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Consumer and staff focus puts LeaderBrand® at front of the pack


LeaderBrand, NZ


  • LeaderBrand is one of New Zealand’s most recognised horticultural businesses and is now completely vertically integrated
  • Its focus on solving consumer problems and meeting customer needs drives a creative approach to production and marketing
  • Loss of markets at the hands of COVID-19 called for a rapid and strategic response – spearheaded by staff
  • This staff-centric culture helps the business to thrive
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Beetroot meringue roulade might not be what the average consumer is thinking about when they’re planning weekly meals for the family.

But for Gordon McPhail, providing solutions for busy consumers is exactly why this improbable-sounding dessert is on the website of his company, LeaderBrand Produce, one of New Zealand’s most recognised horticultural businesses.

Identifying problems and finding solutions permeates every level of the company, which grows approximately 3,500ha of fresh produce each year on four farms near Gisborne, Waikato and Canterbury for sale to processing, domestic and international customers.

Gordon McPhail
GM Farming at LeaderBrand Produce Ltd

“Recipes get the attention of consumers and educates them on our products - and consumers want ideas on what to eat,” Gordon explained.

“These are real problems and providing a big range of recipes is one solution we’ve identified to help solve them.”

LeaderBrand’s core business is supplying fresh healthy vegetables year-round, including fresh packaged salads, broccoli, lettuce, and seasonal products like corn and squash, to the domestic market. With more than 300 permanent staff and up to an additional 300 seasonal workers, the company has grown to be a completely vertically integrated business managing every step from seed to market.

LeaderBrand adopted vertical integration after identifying it as the only solution that could meet its aim of being truly responsive to customer and consumer needs. Controlling every step of the process allows the company to react with precision to changing requirements – an essential ability when the company’s brand is on retail shelves throughout New Zealand.

“Farming and marketing are very different skill-sets, so it was important we were at a size that could sustain a sales and marketing team for our core products,” Gordon said.

“Key for us has been having the right ecosystem of products. It’s not always about size, it’s about the most efficient system, finding out what you’re good at, what products work well together, and focusing on those.”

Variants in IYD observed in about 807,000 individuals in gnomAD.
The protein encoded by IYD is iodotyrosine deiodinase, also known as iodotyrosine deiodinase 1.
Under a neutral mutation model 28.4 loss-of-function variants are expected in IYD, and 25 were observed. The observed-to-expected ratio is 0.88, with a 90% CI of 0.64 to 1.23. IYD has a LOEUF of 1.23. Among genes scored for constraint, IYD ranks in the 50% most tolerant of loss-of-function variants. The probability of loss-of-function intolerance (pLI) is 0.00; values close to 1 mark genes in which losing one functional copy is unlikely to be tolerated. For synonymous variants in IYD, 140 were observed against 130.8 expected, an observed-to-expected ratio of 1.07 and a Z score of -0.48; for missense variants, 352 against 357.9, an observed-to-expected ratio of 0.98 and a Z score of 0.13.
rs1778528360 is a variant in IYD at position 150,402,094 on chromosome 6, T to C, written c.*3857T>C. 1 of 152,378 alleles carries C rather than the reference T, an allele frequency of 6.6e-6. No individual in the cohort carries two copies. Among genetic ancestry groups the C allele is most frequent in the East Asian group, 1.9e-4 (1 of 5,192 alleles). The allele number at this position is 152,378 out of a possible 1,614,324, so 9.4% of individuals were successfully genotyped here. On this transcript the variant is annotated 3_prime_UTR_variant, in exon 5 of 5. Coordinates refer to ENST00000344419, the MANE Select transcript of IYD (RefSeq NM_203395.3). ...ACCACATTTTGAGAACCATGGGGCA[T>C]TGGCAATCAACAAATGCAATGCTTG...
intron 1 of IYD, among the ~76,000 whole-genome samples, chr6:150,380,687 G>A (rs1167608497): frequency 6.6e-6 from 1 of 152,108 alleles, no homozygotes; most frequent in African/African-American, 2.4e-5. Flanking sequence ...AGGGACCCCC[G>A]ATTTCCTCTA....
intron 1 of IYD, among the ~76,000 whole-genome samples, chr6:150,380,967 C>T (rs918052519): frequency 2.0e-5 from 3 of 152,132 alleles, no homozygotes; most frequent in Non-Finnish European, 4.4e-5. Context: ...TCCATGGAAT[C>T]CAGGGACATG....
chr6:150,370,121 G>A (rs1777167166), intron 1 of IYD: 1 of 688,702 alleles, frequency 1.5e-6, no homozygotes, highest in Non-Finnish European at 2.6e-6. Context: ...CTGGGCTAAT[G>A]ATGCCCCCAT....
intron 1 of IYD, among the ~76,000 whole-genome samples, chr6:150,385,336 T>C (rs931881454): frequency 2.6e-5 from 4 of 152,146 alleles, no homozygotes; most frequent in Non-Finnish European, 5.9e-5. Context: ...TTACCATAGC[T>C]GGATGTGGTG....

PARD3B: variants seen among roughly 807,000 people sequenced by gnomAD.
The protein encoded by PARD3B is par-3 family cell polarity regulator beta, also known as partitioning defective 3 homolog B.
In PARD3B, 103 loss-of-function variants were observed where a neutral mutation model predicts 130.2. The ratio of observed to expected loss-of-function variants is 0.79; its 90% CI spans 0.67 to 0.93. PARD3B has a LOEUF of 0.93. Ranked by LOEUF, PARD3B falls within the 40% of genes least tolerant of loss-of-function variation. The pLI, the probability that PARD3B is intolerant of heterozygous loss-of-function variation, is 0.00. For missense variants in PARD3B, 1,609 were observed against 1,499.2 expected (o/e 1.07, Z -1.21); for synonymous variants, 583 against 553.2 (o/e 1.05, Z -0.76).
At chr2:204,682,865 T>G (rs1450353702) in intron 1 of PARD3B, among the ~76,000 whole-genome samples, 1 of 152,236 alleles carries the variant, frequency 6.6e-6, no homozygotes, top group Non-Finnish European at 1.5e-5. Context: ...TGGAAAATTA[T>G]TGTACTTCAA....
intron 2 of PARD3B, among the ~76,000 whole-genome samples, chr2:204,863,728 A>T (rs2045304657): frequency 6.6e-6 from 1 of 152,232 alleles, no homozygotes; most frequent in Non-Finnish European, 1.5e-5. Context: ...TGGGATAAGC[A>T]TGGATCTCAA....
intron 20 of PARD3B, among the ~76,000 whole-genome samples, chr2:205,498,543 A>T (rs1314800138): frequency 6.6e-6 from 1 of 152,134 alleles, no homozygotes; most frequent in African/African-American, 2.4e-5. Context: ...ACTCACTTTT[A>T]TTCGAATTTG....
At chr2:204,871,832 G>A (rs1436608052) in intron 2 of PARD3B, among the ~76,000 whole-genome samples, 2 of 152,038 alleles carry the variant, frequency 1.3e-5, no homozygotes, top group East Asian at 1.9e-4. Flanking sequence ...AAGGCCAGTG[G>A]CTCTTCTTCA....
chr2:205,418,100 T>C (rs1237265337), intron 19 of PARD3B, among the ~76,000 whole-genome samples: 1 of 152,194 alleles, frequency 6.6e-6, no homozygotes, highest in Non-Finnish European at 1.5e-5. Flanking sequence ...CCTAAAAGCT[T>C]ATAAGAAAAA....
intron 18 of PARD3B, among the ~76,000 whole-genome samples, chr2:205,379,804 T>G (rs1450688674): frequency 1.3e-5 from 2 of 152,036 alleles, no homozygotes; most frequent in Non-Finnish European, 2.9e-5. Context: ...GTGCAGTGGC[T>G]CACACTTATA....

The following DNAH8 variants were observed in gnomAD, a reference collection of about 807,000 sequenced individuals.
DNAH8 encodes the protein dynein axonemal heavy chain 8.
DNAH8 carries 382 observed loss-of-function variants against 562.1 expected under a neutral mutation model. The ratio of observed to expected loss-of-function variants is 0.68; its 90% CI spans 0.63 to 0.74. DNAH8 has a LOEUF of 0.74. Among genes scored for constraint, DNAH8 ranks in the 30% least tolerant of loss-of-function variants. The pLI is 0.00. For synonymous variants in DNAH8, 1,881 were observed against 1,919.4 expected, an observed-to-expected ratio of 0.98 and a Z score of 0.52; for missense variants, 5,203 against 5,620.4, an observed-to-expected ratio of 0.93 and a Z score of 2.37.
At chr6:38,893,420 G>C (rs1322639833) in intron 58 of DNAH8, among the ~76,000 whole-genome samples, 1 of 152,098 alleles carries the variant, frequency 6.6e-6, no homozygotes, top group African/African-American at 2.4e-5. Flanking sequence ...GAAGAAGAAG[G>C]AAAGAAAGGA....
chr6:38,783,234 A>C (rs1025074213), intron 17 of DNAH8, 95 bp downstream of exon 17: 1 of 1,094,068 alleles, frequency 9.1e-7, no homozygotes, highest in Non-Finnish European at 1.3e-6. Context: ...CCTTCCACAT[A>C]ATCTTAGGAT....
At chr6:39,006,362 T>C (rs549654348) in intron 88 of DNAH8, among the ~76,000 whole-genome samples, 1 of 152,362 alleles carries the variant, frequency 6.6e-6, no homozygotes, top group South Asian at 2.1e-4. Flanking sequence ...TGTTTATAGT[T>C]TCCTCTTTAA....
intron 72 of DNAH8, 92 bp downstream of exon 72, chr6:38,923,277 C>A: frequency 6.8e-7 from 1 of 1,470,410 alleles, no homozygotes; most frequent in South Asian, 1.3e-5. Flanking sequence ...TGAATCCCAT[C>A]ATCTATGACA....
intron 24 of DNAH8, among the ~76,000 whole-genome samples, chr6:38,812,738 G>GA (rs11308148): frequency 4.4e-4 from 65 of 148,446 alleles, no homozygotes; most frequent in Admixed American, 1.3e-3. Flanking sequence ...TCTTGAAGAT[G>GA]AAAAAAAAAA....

At its extreme, this approach may even mean discontinuing traditional and profitable product lines if they don’t fit with the company’s “ecosystem” or ethos. 

A staff-centric focus

LeaderBrand has applied this talent of understanding and responding to changing consumer needs in its response to COVID-19.

“Apart from keeping our people safe, we lost some markets such as our food service and Quick Service Retail for two months, so we had to look harder to build sales in existing channels and look at new ways to get product to market,” Gordon said.

“We relied on staff to come up with solutions and they were fantastic, developing effective approaches to hygiene, social distancing, picking, marketing and more. Farming throws up constant challenges and, in some ways, COVID-19 is just another disruption that affects consumer behaviour that we need to adapt to.”

Apart from keeping our people safe, we lost some markets such as our food service and Quick Service Retail for two months, so we had to look harder to build sales in existing channels and look at new ways to get product to market

While solving problems is at the heart of the LeaderBrand business, having engaged and motivated employees is the cardiovascular system that brings these solutions to life.

“Many farmers say they don’t want the hassle of staff, but for me developing staff is probably the most fun and rewarding thing I do, and we literally can’t run our business without them,” Gordon said.

“As an industry I think we need to make agriculture more attractive for potential employees.

“By no means are we perfect, but we have several hundred employees and I have seen they respond well to a culture that gives them accountability and an opportunity to grow.”

“I’ve also seen people reflect their workplace environment. People might come here because we have comfortable facilities or they can drive the latest John Deere tractor, and when they drive a clean tractor or have lunch in a tidy room they reflect that environment in the paddock or packing sheds.”

“They take care in what they do and take pride in their work, and that’s very empowering for them and rewarding for the business.”




Leaderbrand salad bags